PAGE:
FBI investigation should be NCAA tipping point

Jeremy Chisenhall

The college basketball world has once again been turned upside down with another major development in the FBI’s investigation into widespread violations of the NCAA’s amateurism rules. Documents published by Yahoo Sports have brought to light just a glimpse of the amount of corruption in college athletics, proving that the last revelations were just the tip of the iceberg.

The NCAA, which is supposed to have its own investigators to handle issues like this, has been completely blind to the absurd amount of violations that schools have committed right under the organization’s nose.

“These allegations, if true, point to systematic failures that must be fixed and fixed now if we want college sports in America,” NCAA President Mark Emmert said in a statement. “Simply put, people who engage in this kind of behavior have no place in college sports. They are an affront to all those who play by the rules.”

But what Emmert fails to realize (or chooses to ignore) is that the violators of NCAA amateurism rules have been running rampant and largely unchecked until now. And even when it has been caught, it hasn’t been prevented. The current scandal involves allegations of sports agents providing loans and gifts to potential future clients, which is the exact same thing that happened over 20 years ago when University of Massachusetts freshman Marcus Camby received $28,000 from two agents. When the violation was revealed, UMass was forced to vacate its 1996 Final Four appearance.

But the same violations continue today. With the latest allegations revealed, there are now 19 schools implicated in the FBI’s investigation:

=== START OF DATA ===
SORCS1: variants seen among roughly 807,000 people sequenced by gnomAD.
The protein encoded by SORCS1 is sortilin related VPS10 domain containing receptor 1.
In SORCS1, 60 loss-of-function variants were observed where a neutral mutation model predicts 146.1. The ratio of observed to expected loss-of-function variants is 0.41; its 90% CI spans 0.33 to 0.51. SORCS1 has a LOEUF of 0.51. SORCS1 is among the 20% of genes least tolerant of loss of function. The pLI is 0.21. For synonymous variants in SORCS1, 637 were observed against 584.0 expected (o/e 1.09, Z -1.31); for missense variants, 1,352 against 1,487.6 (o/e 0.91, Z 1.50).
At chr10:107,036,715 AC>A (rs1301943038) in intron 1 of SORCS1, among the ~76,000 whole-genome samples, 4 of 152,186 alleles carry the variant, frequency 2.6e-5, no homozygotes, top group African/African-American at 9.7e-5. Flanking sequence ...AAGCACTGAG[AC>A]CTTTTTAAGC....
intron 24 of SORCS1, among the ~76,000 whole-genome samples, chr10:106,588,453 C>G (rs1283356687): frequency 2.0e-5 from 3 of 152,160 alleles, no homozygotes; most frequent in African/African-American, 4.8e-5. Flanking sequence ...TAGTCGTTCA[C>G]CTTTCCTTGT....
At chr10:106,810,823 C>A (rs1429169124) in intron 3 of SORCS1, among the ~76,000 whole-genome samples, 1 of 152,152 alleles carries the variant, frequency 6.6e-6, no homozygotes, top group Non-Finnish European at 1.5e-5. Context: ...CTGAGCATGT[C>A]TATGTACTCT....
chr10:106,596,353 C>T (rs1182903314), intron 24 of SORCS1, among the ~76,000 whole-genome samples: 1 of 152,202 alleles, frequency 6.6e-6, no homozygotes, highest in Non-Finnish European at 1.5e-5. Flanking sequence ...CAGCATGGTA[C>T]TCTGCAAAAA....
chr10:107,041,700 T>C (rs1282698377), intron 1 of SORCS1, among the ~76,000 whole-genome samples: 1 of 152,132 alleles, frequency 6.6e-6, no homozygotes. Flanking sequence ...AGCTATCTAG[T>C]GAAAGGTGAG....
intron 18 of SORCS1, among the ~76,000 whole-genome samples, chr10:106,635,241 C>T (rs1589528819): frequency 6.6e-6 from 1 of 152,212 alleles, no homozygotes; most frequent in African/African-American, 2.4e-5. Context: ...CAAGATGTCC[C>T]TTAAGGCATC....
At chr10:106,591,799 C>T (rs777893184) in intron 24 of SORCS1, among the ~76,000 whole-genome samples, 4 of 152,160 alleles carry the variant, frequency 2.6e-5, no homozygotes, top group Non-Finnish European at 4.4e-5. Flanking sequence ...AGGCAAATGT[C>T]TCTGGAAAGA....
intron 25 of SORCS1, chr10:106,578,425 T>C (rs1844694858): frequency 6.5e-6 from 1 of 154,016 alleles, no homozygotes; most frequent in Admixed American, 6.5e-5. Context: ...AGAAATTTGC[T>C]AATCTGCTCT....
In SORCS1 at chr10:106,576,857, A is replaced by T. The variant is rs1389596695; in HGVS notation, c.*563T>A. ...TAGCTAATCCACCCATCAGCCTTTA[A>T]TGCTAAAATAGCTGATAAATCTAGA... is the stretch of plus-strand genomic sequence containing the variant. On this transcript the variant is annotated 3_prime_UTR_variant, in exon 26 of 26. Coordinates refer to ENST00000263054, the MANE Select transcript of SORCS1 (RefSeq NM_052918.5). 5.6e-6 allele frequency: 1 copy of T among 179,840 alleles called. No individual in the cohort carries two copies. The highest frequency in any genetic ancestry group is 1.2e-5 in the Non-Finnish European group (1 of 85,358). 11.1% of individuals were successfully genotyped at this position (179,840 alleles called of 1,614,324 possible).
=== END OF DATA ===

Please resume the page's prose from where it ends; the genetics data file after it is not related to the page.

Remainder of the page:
1. Duke University

  2. University of North Carolina

  3. University of Kansas

  4. University of Kentucky

  5. Michigan State University

  6. University of Maryland

  7. Xavier University

  8. North Carolina State University

  9. University of Louisville

  10. University of Texas

  11. University of Alabama

  12. Seton Hall University

  13. University of Utah

  14. Louisiana State University

  15. University of Southern California

  16. Clemson University

  17. Wichita State University

  18. University of Washington

  19. University of South Carolina

Those teams make up seven of the NCAA’s last 10 National Champions in basketball.

If the NCAA wants to assure that schools stop breaking rules, they have two options: they can bring the hammer down, tearing down some of the top college basketball programs (as they’ve already done with Louisville) and hope that it instills fear for the future to keep this from happening again. Or the NCAA could just change the rules.

It’s pretty clear that amateurism isn’t what it’s supposed to be. Student-athletes, specifically those that are headed to the NBA, are mere months away from millions of dollars. But in the meantime, they have to do all the work they’ll be doing at the next level, including the photoshoots, the workouts, the practices, the media availability and so much more without pay.

I’m not saying that the schools should hand over the fortune that they’re making off of their student-athletes, because even though college athletics can be a gold mine for some schools, that’s not the case for every school.

But simply allowing student-athletes to be paid to license themselves would solve the problem. Star college athletes from any sport could take sponsorship deals with anyone, from apparel companies like Nike to the car dealership down the street, allowing them to license themselves and make money for their public figure status.

And in an effort to make these endorsement deals, players could have agents to broker their deals, helping to resolve the current issue of agents being caught passing loans and gifts along to current and former NCAA athletes.

As these violations continue to be revealed (there will almost certainly be more), the NCAA has to realize that this could all be stopped by simply allowing players to independently make money.

A black market in “amateur” athletics currently exists. The smartest thing the NCAA can do instead of banning it is embrace it, and allow players to reap the financial benefits of representation.

Sports editor Jeremy Chisenhall can be reached at 270-745-6291 and [email protected] Follow him on Twitter at @JSChisenhall.